The theme of the Gathering was, “Let Love Be the First Motion.” Just a week before, Eileen Flanagan, a member of my meeting, had been asked to step in as the Thursday evening plenary speaker. At breakfast three days in a row, I joined with some other Friends to provide support as Eileen discerned what to include in her talk, and how much she would say about her participation in the Earth Quaker Action Team (EQAT). For a couple of years, EQAT has been engaging in demonstrations, including civil disobedience, in an effort to persuade PNC Bank to stop financing mountaintop removal in Appalachia.

On Thursday afternoon, Eileen and almost 200 other people traveled from the Gathering to Pittsburgh, where PNC Bank’s headquarters are located, to participate in a demonstration. That same afternoon, I convened a group to hold them in the Light. Over the course of ninety minutes, seven people joined our circle. We sat in a sunny classroom with a view of the green hills surrounding the campus. In the deepening silence, I felt a strong connection to the Earth, its mountains, its flowing waters, and the people who live on this planet. I prayed for Eileen and the Friends I knew were in Pittsburgh, including a group of Middle School Friends.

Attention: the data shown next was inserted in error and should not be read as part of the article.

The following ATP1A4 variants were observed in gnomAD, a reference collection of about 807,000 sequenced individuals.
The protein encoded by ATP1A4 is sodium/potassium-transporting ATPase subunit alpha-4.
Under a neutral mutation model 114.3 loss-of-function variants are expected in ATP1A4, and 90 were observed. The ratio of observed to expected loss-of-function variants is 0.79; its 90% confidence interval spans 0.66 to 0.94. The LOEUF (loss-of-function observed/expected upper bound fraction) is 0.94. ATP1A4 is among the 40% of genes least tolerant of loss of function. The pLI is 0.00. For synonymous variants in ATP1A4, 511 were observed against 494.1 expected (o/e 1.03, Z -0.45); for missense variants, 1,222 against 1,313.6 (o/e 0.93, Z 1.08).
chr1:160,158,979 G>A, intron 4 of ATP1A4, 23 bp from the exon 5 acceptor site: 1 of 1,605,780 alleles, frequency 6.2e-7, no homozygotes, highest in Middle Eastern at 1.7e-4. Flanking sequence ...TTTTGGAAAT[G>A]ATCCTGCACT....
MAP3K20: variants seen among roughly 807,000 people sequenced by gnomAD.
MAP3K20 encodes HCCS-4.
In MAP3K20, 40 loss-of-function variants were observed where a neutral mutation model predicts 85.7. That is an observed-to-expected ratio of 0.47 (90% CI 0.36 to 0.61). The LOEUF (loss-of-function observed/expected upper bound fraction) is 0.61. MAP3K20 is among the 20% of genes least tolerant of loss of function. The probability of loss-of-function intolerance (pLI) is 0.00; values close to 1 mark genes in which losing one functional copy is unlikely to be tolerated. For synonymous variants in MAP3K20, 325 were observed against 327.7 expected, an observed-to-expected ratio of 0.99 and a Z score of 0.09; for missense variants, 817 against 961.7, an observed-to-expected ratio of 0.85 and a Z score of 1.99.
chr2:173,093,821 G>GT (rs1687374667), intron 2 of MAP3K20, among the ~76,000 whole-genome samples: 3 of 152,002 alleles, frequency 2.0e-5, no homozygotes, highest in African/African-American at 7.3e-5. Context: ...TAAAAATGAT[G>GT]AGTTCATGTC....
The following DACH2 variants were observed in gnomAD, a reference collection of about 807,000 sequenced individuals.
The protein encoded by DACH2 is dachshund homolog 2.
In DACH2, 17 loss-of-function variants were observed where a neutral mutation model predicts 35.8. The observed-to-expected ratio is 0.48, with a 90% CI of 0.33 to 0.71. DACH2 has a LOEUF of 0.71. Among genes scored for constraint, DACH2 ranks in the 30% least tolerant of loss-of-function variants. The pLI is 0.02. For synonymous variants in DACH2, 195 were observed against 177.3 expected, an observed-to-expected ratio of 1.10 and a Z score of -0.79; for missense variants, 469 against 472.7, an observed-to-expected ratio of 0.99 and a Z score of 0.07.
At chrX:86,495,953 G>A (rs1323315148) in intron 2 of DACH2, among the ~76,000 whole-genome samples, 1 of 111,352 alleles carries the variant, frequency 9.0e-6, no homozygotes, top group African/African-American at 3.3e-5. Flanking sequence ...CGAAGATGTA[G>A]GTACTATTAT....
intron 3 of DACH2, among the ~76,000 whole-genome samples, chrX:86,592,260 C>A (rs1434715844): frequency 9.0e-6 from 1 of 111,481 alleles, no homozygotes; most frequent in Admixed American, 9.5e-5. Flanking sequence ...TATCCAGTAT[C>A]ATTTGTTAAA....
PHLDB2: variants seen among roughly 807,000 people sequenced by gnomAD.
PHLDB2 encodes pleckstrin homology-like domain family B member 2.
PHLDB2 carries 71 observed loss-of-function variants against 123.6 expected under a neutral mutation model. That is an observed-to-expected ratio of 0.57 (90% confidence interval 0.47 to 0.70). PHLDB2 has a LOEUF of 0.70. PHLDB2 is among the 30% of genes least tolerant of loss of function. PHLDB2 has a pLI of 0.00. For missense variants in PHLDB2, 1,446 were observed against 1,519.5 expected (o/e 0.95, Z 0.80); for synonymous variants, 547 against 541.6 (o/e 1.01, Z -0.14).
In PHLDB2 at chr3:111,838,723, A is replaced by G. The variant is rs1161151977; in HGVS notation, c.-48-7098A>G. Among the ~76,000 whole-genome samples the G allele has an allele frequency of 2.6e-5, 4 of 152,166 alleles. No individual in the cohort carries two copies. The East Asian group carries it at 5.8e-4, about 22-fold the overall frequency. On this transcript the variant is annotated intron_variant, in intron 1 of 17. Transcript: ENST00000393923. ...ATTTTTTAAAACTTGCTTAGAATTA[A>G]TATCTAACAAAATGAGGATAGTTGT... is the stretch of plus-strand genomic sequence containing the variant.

My prayer soon extended to the employees and stockholders of PNC bank, and then to all of us in the U.S. who consume energy in ways that make blowing up mountains and polluting rivers profitable. My heart kept expanding. I prayed for all of us to have the wisdom and courage to choose sustainable ways to live on this planet; I prayed for help and guidance in making the changes that are needed. A couple of those present seemed sleepy. Yet a Power was present among us, expanding our circle way beyond the windows of the classroom. I did not feel like the initiator. Prayer was happening and I was a participant.   Love was the first motion, not personal love, but divine Love that flowed through us. I felt that the prayer of our little group was more powerful because it was connected to people who were taking action on behalf of the earth and its people. I don’t know if Friends in Pittsburgh were aware of our little group holding them in the Light. Nonetheless, all of us were part of a larger effort, a divine motion of Love.